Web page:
Aside from reducing LDL, Zetia can slightly increase HDL cholesterol in people with high LDL and low HDL. Zetia increased HDL-cholesterol levels by 1-3.5% in 5 clinical trials and analyses of over 5,000 people [6, 7, 45, 48, 27].

Added to statins, it increased HDL cholesterol by an extra 1-3% in trials of almost 7,000 people [36, 37, 38, 39, 53, 40, 41, 55, 56, 60].

3) Improving Sitosterolemia (High Plant Sterol Levels)

Plant sterols or phytosterols are fats from vegetable oils, nuts, and other plant-based foods. Sitosterolemia is a rare genetic disorder that causes high plant sterol levels in the blood and tissues. It leads to abnormally high cholesterol, fatty lumps under the skin (xanthomas), hardening of the arteries (atherosclerosis), or anemia [68, 9, 11, 69, 70].

Zetia can decrease the absorption of plant sterols in the intestine and reduce their blood levels. It also decreases fatty lumps, cholesterol, and risk of heart disease [9, 10, 11, 69, 70].

In a clinical trial of 37 people with sitosterolemia, Zetia decreased sitosterol levels by 21% compared to placebo [71].

Possibly Effective for:

1) Preventing Heart Disease Risk

Zetia may reduce heart disease risk, but this is still uncertain. It prevents heart complications in specific populations only.

High LDL-cholesterol increases the risk of heart disease, while reducing it in time can decrease this risk and heart-related deaths [72, 73, 74].

In a clinical trial on over 18,000 people with heart disease, Zetia together with statin therapy reduced the risk of stroke. In 9,000 people with kidney disease, this combination decreased the risk of heart-related deaths and complications, such as heart attack and stroke [13, 14, 75].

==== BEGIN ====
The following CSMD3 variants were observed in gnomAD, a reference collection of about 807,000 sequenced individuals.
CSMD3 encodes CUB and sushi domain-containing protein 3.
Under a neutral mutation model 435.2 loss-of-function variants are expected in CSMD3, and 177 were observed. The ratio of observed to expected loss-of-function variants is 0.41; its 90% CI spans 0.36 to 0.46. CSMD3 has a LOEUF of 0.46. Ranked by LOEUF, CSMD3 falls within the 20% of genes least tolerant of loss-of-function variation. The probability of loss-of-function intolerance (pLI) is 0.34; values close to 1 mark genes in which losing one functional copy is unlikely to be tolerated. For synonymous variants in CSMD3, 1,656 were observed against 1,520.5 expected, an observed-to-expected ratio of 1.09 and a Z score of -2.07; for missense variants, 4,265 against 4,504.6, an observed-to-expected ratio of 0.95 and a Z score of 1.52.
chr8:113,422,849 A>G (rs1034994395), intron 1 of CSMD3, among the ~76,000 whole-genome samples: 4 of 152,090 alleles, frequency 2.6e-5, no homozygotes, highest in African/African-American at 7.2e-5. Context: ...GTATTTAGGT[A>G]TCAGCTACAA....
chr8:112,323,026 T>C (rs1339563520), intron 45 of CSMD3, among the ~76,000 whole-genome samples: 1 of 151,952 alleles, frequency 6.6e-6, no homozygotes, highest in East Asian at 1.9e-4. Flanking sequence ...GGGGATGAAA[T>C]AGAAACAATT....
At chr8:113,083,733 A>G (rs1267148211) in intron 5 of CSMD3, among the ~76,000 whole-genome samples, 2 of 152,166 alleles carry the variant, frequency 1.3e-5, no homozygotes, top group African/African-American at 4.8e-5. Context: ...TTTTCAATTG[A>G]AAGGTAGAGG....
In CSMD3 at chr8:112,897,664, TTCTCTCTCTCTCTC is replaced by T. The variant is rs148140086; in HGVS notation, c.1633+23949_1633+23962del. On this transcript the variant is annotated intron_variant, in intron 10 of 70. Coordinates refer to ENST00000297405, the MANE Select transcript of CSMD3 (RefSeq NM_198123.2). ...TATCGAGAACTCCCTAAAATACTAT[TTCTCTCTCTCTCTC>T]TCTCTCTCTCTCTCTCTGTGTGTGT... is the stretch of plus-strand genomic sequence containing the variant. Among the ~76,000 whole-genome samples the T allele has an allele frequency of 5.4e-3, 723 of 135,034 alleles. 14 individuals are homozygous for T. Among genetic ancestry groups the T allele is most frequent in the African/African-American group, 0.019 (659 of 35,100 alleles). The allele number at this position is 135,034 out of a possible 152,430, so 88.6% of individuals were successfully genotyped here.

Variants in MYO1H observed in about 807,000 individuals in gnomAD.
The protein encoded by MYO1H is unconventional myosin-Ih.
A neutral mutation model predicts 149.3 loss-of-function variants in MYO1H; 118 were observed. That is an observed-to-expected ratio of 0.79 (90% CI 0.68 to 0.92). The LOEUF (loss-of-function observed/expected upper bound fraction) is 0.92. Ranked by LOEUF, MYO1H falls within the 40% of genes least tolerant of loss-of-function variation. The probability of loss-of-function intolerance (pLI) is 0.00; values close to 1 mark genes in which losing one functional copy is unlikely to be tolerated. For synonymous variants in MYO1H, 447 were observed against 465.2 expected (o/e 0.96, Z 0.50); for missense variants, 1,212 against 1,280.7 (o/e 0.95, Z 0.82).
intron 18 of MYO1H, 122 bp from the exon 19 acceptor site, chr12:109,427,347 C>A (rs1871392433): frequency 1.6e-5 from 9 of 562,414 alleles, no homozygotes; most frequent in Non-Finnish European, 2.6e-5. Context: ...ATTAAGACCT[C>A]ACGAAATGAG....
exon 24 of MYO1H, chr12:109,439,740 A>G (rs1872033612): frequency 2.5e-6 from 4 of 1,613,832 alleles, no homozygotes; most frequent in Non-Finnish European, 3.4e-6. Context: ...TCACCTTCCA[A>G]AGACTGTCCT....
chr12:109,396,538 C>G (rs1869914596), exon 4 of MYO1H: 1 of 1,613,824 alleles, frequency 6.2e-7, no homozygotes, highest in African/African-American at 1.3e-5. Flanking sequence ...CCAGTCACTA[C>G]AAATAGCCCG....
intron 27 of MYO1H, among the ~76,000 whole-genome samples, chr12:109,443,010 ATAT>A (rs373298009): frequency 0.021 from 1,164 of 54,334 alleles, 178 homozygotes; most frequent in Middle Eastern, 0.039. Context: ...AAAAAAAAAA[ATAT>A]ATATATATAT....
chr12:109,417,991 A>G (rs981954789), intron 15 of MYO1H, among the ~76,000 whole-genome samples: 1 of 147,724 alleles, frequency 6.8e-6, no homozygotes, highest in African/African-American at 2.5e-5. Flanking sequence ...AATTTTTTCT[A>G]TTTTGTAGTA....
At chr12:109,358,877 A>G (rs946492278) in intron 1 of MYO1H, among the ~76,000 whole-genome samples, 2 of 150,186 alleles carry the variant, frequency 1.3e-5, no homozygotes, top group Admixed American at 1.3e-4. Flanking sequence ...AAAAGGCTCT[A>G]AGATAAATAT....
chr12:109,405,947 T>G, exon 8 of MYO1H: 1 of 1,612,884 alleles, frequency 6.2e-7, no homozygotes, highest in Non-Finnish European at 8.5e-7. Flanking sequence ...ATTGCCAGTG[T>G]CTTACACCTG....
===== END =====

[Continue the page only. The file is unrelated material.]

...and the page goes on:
Zetia and statins also decreased the plaque degeneration of arteries in an analysis of 583 people [62].

However, in a clinical study of ~2,000 people, Zetia added to statin therapy did not decrease heart-related deaths or complications such as heart disease, heart failure, and stroke [76].

Although some negative results exist, the evidence overall suggests that Zetia may help prevent heart disease when prescribed for lowering blood fat levels.

2) Lowering Inflammatory Markers

Consumption of fat cream increased the production of inflammatory proteins (IL-1b, MMP-9, TNFa) in 20 obese people. Zetia together with a statin (simvastatin) blocked the expression of these inflammatory proteins [59].

Similarly, the combination of Zetia with different statins was more effective at lowering several inflammation markers (especially CRP, but also IL-6, MMP-9, ICAM-1, and prostaglandins) than either drug alone in multiple trials on over 800 people with high blood fats and heart disease [77, 78, 79, 80, 81, 82, 83, 84].